This diversity can lead to significant development and maintenance costs, especially if complex features are implemented. Moreover, regular updates for each operating system add a layer of complexity and expenses.

(-) Lack of natural referencing

Unlike websites, mobile applications do not benefit from natural referencing, meaning that the company must implement alternative communication strategies to increase the visibility of its application.

This lack of organic visibility thus leads to additional investments in promoting and advertising the application.

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And Progressive Web Apps in all of this?

Progressive Web Apps (PWAs) are an emerging alternative to traditional mobile applications. They offer a hybrid approach that combines the benefits of websites and native applications.

More precisely, they are scalable web applications that offer a user experience similar to native applications while being accessible via a web browser.

(+) Use of Service Workers

PWAs use Service Workers, which are JavaScript scripts executed in the background and which enable offline access, caching, and push notifications.

(+) Offline accessibility

PWAs work offline thanks to caching necessary resources. They thus allow users to access certain features even without an internet connection.

(+) Reduced cost and development

Developing a PWA can be faster and more economical compared to developing a native mobile application, as only one version of the code is required.

(+) Easy installation

They can be accessed instantly via a browser, without having to go through the installation process of a native application.

(+) Simplified updates

Updates are managed automatically, avoiding the need to download and install them manually.

(+) Multiplatform compatibility

PWAs are supported by all modern browsers and different platforms. Compatibility issues related to operating systems are thus eliminated.

(+) Visibility on search engines

Unlike mobile applications, PWAs are indexable by search engines. Their visibility and SEO ranking can therefore increase over time and attract organic traffic.

(-) Limited functionalities

Although PWAs offer a wide range of features, they may sometimes have limitations in accessing platform-specific APIs.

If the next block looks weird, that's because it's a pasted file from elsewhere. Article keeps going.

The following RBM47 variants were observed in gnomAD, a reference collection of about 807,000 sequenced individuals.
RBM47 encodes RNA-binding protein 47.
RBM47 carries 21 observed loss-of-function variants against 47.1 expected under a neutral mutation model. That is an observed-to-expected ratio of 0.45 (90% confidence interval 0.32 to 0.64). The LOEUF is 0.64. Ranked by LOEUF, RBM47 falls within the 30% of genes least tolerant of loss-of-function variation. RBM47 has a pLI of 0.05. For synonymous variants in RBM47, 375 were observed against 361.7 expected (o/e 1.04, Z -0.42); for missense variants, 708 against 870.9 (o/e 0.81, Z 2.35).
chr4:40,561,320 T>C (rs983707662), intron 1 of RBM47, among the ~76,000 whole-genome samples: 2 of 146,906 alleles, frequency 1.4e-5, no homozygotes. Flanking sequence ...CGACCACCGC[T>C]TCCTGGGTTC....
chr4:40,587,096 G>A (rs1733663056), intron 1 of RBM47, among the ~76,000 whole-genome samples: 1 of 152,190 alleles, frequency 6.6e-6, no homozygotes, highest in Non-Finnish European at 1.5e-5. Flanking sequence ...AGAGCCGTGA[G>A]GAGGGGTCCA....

Functionalities that heavily depend on hardware or software capabilities related to a device may not be fully usable within a PWA, such as biometric sensors, to name one example.

(-) Limited local storage

PWAs use local storage to cache resources and work offline. However, the amount of local storage available may be limited, restricting the ability to store significant data locally.

So, "mobile first" or "desktop first"?

The fundamental question is whether it is preferable to initially design a web design for a desktop computer or for a mobile device.

The "mobile first" strategy prioritizes users and mobile uses, and we believe it's the best approach to take.

Responsive degradation/retrofitting

At the origin of responsive design, it was common to start with a desktop version which is then adapted to mobile phones based on the decrease in resolution and screen size.

So, the transition from the desktop version to the mobile version is seen as a "degradation" or a progressive "retrofitting" from one to the other.

Still, keep in mind that smartphone or tablet users have variable speeds depending on whether they are at home or in public places. Moreover, the vast majority accesses the internet only via mobile, which sets the bar quite high in terms of loading time and display.

Graceful degradation and progressive enhancement

In the same vein, these two opposing approaches are frequently mentioned.

Graceful or elegant degradation implies that the design and functionalities are planned for the newest browsers, then adapted to older ones.

Conversely, progressive enhancement involves designing a design compatible with all browsers before enriching the display based on the user's equipment.

3 key points to remember

  1. Responsive design is the solution to absolutely consider to adapt the content of all your web pages to all types of devices and screens.
  2. Mobile applications are a very good way to bypass responsive design and gain efficiency, especially for e-commerce sites that would benefit from maximum visibility via app stores.
  3. PWAs are an interesting alternative to responsive sites and mobile applications due to their offline accessibility and time and development savings.

Anphos can help you implement the solution of your choice, so contact us!

Dorra Belajouza
Dorra Belajouza

Passionate about web development and digital marketing, I am committed to creating valuable and engaging content for my readers. My mission is to unravel technical topics by approaching them from unique and relevant angles. Because challenges drive me, I literally climb walls when I'm not immersed in the latest digital trends.